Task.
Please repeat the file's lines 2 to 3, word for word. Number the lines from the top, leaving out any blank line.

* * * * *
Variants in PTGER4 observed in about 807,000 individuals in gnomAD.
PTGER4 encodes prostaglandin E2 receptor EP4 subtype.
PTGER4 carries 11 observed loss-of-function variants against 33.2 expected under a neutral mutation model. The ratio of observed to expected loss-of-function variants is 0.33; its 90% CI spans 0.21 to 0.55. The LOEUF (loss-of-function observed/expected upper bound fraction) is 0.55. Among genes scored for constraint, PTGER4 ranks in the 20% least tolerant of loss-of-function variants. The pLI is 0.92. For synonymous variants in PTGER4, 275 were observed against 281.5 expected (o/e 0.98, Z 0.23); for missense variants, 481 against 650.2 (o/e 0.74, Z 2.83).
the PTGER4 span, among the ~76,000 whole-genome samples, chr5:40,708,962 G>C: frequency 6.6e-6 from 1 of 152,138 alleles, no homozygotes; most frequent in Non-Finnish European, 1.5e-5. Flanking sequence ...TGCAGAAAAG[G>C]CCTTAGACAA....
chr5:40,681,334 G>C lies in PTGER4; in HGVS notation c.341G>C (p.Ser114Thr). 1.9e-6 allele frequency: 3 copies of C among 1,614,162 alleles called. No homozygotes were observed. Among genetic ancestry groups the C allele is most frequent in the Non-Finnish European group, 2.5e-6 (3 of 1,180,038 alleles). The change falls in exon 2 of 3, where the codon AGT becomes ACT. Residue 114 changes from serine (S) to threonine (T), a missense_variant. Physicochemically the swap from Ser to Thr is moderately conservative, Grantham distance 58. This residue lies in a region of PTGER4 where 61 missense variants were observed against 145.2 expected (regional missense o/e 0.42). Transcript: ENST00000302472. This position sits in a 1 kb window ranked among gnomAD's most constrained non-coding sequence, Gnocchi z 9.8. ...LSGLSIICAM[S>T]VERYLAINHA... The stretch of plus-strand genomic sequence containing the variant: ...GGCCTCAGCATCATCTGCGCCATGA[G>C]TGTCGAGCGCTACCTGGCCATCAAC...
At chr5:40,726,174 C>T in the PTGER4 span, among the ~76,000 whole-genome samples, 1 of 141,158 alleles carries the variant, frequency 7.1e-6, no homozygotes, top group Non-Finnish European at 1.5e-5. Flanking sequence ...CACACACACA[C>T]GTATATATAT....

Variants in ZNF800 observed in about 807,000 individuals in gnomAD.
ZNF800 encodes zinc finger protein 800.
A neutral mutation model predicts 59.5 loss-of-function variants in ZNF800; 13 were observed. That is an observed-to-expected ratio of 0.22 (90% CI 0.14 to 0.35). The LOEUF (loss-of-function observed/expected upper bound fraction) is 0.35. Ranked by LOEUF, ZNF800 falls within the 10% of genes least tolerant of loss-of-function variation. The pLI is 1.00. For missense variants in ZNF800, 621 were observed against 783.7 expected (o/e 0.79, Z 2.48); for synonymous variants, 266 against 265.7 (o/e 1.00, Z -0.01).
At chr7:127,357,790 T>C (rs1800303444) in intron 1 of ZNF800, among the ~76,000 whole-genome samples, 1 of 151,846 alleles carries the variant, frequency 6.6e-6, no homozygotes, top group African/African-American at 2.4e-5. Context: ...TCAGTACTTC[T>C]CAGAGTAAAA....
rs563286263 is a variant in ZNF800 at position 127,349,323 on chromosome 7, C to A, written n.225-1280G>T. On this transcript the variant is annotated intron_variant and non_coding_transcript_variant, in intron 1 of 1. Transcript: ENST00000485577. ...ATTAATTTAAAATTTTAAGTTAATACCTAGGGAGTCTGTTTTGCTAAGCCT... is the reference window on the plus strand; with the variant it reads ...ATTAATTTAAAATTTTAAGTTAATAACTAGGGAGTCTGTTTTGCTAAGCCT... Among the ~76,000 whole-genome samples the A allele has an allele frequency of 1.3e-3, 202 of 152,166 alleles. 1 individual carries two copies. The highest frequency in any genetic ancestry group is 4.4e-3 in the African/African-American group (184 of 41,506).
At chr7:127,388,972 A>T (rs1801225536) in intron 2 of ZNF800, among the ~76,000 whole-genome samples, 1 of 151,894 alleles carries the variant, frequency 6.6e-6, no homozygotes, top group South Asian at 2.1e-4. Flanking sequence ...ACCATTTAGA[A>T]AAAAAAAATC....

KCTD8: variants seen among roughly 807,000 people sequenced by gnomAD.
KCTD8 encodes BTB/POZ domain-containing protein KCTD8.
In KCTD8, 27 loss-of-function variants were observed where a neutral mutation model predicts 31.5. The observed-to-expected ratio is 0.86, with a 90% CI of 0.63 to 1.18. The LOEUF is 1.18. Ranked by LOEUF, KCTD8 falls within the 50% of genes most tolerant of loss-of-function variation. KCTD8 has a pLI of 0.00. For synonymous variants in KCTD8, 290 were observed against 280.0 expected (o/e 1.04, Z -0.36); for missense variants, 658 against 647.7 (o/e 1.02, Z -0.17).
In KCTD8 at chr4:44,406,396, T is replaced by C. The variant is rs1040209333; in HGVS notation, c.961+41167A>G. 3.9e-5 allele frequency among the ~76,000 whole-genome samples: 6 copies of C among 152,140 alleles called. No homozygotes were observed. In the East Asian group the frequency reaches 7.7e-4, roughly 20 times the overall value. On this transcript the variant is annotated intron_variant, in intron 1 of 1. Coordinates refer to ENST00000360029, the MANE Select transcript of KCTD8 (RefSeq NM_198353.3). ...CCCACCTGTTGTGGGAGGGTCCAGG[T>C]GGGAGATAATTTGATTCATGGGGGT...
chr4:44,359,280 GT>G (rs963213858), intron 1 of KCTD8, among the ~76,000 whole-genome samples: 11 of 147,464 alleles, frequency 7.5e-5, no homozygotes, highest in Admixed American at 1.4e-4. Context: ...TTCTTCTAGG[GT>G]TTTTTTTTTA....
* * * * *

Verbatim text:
PTGER4 encodes prostaglandin E2 receptor EP4 subtype.
PTGER4 carries 11 observed loss-of-function variants against 33.2 expected under a neutral mutation model. The ratio of observed to expected loss-of-function variants is 0.33; its 90% CI spans 0.21 to 0.55. The LOEUF (loss-of-function observed/expected upper bound fraction) is 0.55. Among genes scored for constraint, PTGER4 ranks in the 20% least tolerant of loss-of-function variants. The pLI is 0.92. For synonymous variants in PTGER4, 275 were observed against 281.5 expected (o/e 0.98, Z 0.23); for missense variants, 481 against 650.2 (o/e 0.74, Z 2.83).